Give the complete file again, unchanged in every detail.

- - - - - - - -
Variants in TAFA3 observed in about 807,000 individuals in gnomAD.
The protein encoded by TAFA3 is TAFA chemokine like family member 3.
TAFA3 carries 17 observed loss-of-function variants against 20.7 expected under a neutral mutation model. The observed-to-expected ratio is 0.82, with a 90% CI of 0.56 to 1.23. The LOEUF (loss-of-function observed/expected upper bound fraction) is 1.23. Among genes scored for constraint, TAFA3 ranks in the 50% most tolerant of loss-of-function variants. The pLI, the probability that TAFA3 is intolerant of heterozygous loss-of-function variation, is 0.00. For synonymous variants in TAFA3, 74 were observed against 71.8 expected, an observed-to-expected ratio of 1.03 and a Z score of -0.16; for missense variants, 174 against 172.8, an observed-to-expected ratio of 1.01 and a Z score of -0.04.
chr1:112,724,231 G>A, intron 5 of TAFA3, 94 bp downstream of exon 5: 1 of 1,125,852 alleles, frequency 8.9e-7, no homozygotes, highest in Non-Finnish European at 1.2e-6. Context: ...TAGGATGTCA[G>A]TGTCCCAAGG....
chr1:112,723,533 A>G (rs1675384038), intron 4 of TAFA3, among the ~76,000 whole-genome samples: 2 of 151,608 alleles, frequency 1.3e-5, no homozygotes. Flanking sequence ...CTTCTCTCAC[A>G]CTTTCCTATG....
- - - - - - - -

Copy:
Variants in TAFA3 observed in about 807,000 individuals in gnomAD.
The protein encoded by TAFA3 is TAFA chemokine like family member 3.
TAFA3 carries 17 observed loss-of-function variants against 20.7 expected under a neutral mutation model. The observed-to-expected ratio is 0.82, with a 90% CI of 0.56 to 1.23. The LOEUF (loss-of-function observed/expected upper bound fraction) is 1.23. Among genes scored for constraint, TAFA3 ranks in the 50% most tolerant of loss-of-function variants. The pLI, the probability that TAFA3 is intolerant of heterozygous loss-of-function variation, is 0.00. For synonymous variants in TAFA3, 74 were observed against 71.8 expected, an observed-to-expected ratio of 1.03 and a Z score of -0.16; for missense variants, 174 against 172.8, an observed-to-expected ratio of 1.01 and a Z score of -0.04.
chr1:112,724,231 G>A, intron 5 of TAFA3, 94 bp downstream of exon 5: 1 of 1,125,852 alleles, frequency 8.9e-7, no homozygotes, highest in Non-Finnish European at 1.2e-6. Context: ...TAGGATGTCA[G>A]TGTCCCAAGG....
chr1:112,723,533 A>G (rs1675384038), intron 4 of TAFA3, among the ~76,000 whole-genome samples: 2 of 151,608 alleles, frequency 1.3e-5, no homozygotes. Flanking sequence ...CTTCTCTCAC[A>G]CTTTCCTATG....